Soil & Water Conservation Districts exist for these two critical resources. Nationwide, we seek to support best management practices for landowners via education, outreach, and technical assistance. Districts know that successful landscapes whether designed or wild; will only survive—and thrive—if plants are growing in adequate soil and receiving regular water whether it is for horticultural or agricultural purposes. We also know humans create large amounts of built landscape—roads, driveways, buildings, parking lots, etc. Lots of water sheds off of these surfaces and carries pollutants to stormdrains and ultimately our local lakes and streams. It is critical to address stormwater runoff to avoid erosion and potential contamination of nearby waterways. Each property can be considered a piece in the fabric of the larger landscape—all connected. Therefore, each landowner’s soil and water conservation efforts contribute to a cumulative collective impact in best management practices, conserving our land and water for generations to come.
Soil is an entire ecosystem beneath our feet! In the past, we have identified soil as a non-living player in the ecosystem---just a medium for the growth of land plants. We now know soil to be FULL of life. Did you know that there are more living things in one teaspoon of soil than there are people in the world? Soil is alive! In addition to sand, silt, and clay soil is made up of air, water, microbes, bacteria, earthworms, insects, fungi, nematodes, roots, burrowing animals, and more! Millions of species, and billions of organisms live beneath our feet; the highest concentration of biomass anywhere on the planet. We also want to keep soils where they are, because everytime we disturb it, soil particles and any pollutants attached to it can runoff into our water resources. We want to do everything we can to protect soil, to build soil, and keep soil intact and undisturbed. Our soils provide the foundation for our ecosystems (both inside your yard and across the whole state), so important to build and support healthy soils.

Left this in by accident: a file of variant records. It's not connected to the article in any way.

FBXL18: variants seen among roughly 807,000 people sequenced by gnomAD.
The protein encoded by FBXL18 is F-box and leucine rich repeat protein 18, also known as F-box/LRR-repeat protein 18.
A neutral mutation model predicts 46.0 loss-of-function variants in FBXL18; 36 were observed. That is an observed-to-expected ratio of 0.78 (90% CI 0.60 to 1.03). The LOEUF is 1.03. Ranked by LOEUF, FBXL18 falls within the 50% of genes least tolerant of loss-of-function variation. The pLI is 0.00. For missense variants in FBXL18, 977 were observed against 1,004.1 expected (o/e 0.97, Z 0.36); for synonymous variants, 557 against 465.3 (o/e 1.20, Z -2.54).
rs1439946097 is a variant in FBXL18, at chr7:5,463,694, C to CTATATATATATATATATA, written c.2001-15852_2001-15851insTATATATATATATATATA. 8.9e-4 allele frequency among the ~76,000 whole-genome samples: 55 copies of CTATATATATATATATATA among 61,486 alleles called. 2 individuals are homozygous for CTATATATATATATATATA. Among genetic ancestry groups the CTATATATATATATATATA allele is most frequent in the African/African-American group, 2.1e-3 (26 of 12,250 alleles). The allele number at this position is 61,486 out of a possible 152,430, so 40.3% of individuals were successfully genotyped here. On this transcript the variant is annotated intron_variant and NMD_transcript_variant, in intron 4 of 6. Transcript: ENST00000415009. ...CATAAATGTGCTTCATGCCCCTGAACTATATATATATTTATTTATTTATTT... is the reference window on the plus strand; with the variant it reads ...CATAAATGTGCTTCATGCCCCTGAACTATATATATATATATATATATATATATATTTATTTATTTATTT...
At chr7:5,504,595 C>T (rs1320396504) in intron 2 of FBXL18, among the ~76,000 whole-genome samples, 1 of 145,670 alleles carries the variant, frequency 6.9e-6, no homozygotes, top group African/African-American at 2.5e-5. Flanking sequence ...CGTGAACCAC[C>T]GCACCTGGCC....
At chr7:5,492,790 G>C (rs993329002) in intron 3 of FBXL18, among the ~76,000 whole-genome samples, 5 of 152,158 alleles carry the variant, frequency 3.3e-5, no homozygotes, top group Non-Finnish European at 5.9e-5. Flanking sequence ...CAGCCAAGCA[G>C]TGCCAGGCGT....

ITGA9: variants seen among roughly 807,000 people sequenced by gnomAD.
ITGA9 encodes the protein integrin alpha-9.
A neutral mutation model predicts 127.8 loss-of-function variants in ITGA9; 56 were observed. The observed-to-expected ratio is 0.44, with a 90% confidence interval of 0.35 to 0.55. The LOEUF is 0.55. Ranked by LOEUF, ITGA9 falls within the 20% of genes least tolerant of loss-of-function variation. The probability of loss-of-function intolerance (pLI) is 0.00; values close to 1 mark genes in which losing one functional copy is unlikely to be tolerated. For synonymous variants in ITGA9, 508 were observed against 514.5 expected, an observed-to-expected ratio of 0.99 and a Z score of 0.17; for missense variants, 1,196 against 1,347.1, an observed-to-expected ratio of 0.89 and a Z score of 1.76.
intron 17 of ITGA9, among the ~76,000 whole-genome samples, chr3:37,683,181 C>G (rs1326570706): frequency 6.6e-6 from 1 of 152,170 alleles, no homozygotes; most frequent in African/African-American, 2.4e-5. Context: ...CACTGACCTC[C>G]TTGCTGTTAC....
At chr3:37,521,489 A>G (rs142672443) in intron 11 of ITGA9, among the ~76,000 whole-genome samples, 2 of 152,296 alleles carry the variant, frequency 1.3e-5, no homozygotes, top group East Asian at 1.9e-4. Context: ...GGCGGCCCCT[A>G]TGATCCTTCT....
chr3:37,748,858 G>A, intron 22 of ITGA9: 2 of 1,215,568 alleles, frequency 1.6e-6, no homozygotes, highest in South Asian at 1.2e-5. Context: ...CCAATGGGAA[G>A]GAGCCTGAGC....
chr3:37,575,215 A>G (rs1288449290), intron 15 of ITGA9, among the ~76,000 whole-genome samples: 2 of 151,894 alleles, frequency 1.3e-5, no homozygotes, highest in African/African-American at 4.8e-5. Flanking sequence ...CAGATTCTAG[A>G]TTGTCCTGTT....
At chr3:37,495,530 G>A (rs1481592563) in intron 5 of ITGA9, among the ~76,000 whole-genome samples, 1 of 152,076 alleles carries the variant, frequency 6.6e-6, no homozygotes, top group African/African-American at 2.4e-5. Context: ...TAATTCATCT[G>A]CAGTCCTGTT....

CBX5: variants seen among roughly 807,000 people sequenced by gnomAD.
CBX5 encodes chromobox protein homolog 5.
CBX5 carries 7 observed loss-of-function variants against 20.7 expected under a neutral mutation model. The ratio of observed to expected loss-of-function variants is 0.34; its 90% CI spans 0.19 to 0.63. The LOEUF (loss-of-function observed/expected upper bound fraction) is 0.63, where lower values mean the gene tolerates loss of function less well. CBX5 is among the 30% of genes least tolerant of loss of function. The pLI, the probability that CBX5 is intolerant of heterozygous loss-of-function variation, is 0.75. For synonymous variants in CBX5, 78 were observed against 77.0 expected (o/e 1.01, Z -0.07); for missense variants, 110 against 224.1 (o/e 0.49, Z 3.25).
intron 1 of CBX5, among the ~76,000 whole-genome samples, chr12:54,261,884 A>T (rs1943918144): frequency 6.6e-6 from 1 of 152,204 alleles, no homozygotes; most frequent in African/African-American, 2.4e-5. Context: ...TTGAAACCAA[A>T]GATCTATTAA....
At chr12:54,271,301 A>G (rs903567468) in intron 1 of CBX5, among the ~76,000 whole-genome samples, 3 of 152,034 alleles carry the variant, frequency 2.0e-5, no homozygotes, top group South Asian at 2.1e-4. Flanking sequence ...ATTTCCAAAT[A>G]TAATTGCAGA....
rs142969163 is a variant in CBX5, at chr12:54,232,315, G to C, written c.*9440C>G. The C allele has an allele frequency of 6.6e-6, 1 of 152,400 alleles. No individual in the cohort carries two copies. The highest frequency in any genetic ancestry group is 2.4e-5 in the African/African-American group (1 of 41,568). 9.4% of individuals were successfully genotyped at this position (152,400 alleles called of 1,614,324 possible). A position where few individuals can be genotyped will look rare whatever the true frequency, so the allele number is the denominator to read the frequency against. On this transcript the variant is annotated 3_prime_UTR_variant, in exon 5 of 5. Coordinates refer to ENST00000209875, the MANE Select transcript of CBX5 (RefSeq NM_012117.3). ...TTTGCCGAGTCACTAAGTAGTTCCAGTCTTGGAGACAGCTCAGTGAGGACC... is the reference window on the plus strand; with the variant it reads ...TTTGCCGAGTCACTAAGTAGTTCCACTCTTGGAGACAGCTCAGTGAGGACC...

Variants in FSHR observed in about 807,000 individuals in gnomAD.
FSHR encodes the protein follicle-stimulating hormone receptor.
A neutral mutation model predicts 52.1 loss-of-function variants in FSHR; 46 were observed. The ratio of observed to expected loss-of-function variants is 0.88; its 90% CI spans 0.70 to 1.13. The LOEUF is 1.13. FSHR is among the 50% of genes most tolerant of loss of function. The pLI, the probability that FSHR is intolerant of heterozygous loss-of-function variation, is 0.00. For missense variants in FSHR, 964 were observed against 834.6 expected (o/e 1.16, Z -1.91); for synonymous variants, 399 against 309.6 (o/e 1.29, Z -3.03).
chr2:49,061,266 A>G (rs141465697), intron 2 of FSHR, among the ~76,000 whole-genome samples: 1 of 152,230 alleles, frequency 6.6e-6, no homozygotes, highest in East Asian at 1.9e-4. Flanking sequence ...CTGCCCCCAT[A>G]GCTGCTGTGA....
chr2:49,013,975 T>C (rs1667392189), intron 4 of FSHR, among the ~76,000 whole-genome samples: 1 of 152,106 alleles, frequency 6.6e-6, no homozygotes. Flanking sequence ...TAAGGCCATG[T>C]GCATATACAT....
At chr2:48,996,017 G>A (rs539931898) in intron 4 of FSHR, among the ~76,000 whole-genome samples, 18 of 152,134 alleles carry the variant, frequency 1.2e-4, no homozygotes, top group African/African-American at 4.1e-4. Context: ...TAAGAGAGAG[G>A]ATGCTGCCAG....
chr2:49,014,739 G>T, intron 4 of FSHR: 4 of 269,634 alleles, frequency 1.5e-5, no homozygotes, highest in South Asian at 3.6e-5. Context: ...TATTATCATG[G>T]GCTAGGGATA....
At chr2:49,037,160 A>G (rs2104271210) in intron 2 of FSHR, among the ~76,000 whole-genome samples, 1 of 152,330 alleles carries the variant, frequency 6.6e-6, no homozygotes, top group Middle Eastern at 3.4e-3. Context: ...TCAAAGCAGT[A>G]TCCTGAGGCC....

Water is critical for life. Here in Maine, we are fortunate to have an abundance of both fresh and saltwater alike contributing to drinking water, recreation, fisheries, agriculture and more. Whether you live on top of a mountain or on the coastal shoreline, you live in a watershed. 50% of all rainfall ends up as runoff traveling across surfaces and ending up in the nearest stream, river, lake, or ocean. That means what you do on your property can help—or hurt—the watershed you live in. Thus, every additional measure you take to infiltrate, divert or use rainfall on site will reduce potential nonpoint source pollution in your communities’ waterways.